3) What exactly are the various benefits of speaking multiple languages beside slowing down the onset of dementia ?

3.1) Does multilingualism increases verbal IQ ? Is there even a verbal IQ test designed to test more than one language ? Obviously knowing 20,000 words in two languages is as good as knowing 40,000 words in only one language. Being able to understand and use correctly grammar, conjugation and syntax in languages from different families, like say, French, German, Hindi and Japanese, is a sign of higher verbal IQ than to be able to speak several closely related languages, such as, say, French, Italian, Catalan and Castilian.

3.2) Does multilingualism have any impact on non-verbal IQ as well, considering that the whole brain structure gets reorganised by adding a new language ? Being able to juggle with very different grammatical structures (e.g. English vs Japanese) confers a flexibility of thinking that goes beyond merely verbal abilities. It allows to see and understand things and people differently.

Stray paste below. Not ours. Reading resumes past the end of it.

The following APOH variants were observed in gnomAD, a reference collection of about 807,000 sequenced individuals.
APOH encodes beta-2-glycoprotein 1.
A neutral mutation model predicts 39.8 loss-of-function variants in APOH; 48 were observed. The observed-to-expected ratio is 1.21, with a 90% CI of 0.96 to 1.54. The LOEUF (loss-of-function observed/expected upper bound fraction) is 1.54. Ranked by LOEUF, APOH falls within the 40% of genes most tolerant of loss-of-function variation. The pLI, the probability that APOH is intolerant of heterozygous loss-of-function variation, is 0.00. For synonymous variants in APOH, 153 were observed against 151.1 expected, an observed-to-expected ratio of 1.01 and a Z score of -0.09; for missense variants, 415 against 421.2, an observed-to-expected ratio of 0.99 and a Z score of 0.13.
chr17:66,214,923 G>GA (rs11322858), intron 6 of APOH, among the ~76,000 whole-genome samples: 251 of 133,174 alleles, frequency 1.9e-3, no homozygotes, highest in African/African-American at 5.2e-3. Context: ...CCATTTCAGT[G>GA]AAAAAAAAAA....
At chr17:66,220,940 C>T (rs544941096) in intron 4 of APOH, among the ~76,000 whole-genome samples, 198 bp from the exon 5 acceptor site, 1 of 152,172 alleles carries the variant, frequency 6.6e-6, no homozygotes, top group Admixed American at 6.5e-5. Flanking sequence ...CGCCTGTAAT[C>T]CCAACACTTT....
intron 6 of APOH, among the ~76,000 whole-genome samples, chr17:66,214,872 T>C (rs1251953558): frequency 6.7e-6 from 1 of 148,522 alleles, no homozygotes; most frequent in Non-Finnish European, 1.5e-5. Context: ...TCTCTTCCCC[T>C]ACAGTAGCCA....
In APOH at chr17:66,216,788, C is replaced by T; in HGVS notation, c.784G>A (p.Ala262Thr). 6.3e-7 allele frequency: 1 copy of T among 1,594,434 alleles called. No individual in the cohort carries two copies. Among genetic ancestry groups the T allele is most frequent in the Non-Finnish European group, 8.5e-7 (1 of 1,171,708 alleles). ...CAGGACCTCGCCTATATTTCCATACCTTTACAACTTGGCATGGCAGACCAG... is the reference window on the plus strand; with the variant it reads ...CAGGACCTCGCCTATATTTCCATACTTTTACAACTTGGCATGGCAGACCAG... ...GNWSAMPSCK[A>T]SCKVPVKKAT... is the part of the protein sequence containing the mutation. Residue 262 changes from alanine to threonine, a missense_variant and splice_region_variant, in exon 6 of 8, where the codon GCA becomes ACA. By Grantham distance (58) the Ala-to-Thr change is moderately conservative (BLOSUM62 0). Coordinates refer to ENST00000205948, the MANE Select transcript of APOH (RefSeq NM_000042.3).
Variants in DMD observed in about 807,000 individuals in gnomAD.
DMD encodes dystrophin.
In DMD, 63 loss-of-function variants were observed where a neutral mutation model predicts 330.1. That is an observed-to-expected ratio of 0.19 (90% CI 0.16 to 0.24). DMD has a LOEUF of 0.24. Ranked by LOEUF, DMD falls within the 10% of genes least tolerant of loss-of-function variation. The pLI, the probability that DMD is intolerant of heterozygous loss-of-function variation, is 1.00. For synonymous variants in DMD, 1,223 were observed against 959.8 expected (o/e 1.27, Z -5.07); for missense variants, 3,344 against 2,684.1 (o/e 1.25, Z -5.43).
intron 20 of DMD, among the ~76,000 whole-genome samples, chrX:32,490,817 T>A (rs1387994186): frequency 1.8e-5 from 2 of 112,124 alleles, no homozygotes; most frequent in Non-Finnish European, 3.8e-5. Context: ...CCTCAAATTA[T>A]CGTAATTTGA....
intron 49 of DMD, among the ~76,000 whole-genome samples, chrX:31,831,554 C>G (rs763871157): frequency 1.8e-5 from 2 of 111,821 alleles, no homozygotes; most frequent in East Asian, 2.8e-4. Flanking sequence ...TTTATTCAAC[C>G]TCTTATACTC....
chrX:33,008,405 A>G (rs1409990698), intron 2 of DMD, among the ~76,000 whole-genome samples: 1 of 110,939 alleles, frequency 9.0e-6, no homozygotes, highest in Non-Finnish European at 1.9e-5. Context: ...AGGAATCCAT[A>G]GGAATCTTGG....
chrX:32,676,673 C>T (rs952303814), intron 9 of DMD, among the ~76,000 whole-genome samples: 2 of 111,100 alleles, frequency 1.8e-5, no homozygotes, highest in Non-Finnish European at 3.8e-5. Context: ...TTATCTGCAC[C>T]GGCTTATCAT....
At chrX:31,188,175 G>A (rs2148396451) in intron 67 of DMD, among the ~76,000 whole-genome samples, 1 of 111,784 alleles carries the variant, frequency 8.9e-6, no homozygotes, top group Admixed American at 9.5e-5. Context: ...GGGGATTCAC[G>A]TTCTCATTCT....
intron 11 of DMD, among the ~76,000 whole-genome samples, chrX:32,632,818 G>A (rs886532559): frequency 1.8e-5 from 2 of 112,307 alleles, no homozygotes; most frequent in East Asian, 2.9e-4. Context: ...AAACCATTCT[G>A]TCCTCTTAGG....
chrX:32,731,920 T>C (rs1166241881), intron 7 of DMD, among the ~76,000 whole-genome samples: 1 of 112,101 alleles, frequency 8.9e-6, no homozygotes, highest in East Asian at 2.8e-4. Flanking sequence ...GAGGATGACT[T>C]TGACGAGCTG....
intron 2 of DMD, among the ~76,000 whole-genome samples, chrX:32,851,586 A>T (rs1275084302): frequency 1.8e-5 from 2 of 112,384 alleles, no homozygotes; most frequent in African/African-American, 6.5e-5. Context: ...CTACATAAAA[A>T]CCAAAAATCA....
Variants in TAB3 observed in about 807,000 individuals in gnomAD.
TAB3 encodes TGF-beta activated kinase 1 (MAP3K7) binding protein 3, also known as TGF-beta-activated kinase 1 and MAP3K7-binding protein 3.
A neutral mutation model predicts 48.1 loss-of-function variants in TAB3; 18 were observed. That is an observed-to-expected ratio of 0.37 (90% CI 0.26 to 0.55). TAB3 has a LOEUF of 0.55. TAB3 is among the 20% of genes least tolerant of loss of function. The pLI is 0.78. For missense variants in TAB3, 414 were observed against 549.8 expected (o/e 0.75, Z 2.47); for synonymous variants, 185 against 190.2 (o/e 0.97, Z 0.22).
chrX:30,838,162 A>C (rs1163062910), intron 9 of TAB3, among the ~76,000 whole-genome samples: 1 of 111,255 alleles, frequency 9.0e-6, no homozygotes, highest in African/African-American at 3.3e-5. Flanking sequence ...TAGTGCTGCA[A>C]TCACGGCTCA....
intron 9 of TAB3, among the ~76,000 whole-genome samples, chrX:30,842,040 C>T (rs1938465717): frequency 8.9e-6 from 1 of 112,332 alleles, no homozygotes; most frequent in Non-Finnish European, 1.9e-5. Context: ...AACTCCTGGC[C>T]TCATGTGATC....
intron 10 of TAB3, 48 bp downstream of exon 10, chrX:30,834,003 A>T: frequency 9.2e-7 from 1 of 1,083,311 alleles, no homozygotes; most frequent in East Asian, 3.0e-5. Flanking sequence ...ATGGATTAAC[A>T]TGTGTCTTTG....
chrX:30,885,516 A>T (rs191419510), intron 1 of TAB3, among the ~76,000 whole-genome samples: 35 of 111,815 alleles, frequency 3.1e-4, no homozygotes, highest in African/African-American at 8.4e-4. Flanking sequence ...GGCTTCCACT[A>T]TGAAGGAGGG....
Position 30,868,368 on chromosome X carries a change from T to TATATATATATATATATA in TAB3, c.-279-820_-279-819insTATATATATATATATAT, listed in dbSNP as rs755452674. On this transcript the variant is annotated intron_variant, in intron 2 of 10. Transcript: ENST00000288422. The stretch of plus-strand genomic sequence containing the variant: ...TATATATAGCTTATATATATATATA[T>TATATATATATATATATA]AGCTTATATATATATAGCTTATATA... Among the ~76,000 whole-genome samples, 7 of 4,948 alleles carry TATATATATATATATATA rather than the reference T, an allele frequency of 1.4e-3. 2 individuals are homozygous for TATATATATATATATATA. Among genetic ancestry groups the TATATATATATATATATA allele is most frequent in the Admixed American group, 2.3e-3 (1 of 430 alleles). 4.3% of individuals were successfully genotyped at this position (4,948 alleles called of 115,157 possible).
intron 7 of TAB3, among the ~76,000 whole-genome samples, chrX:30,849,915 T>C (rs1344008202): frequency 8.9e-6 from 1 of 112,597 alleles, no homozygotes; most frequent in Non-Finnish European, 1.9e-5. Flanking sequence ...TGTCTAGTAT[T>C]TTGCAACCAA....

3.3) Are multilingual people more open-minded ? If so is it because they travel more or are more in contact with different cultures and ways of thinking, or also because of increased brain plasticity ?

3.4) Multilingualism may even benefits EQ. In my experience learning a language like Japanese can provide new ways of expressing emotions that are not found in European languages. In my experience, I have noticed that people who can learn to pronounce acquired languages as if they were natives tend to be more independent thinkers than people who can't. It's not just intellectual flexibility that is required, but maybe even more so emotional flexibility, and the ability to feel and experience the world differently. Changing pronunciation is like being able to change one's emotional point of view on demand. This is essentially what actors do when faking emotions or adopting specific accents. Pronunciation is coordinated by the right hemisphere of the brain, which also manages emotions and tunes and rhythm of speech.


4) What are the effects of speaking several languages on one's personality and cultural biases ? Charles V of Habsburg, who spoke five languages fluently, said: "As many languages as a man knows, so many times he is a man." I have personality noticed that my personality changes depending on the language in which I think and speak, and those changes get stronger if I only speak one language for several days or weeks in a row.